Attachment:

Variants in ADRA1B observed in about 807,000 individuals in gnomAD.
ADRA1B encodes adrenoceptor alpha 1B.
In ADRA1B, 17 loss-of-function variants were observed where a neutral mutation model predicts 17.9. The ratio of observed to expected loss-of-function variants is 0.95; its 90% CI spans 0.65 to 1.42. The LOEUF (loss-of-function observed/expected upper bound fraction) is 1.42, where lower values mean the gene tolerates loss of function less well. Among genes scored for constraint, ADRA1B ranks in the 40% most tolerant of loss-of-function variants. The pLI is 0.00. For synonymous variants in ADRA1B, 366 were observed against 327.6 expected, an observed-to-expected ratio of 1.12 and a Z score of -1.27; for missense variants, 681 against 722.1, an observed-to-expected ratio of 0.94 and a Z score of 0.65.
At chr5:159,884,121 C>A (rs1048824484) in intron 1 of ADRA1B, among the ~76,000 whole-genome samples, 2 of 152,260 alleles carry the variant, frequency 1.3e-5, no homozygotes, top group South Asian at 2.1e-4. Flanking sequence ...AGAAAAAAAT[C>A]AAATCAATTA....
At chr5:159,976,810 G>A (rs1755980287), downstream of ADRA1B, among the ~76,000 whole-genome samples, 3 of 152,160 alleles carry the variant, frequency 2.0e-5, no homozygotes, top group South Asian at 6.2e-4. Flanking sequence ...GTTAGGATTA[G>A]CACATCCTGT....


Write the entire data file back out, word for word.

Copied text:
Variants in ADRA1B observed in about 807,000 individuals in gnomAD.
ADRA1B encodes adrenoceptor alpha 1B.
In ADRA1B, 17 loss-of-function variants were observed where a neutral mutation model predicts 17.9. The ratio of observed to expected loss-of-function variants is 0.95; its 90% CI spans 0.65 to 1.42. The LOEUF (loss-of-function observed/expected upper bound fraction) is 1.42, where lower values mean the gene tolerates loss of function less well. Among genes scored for constraint, ADRA1B ranks in the 40% most tolerant of loss-of-function variants. The pLI is 0.00. For synonymous variants in ADRA1B, 366 were observed against 327.6 expected, an observed-to-expected ratio of 1.12 and a Z score of -1.27; for missense variants, 681 against 722.1, an observed-to-expected ratio of 0.94 and a Z score of 0.65.
At chr5:159,884,121 C>A (rs1048824484) in intron 1 of ADRA1B, among the ~76,000 whole-genome samples, 2 of 152,260 alleles carry the variant, frequency 1.3e-5, no homozygotes, top group South Asian at 2.1e-4. Flanking sequence ...AGAAAAAAAT[C>A]AAATCAATTA....
At chr5:159,976,810 G>A (rs1755980287), downstream of ADRA1B, among the ~76,000 whole-genome samples, 3 of 152,160 alleles carry the variant, frequency 2.0e-5, no homozygotes, top group South Asian at 6.2e-4. Flanking sequence ...GTTAGGATTA[G>A]CACATCCTGT....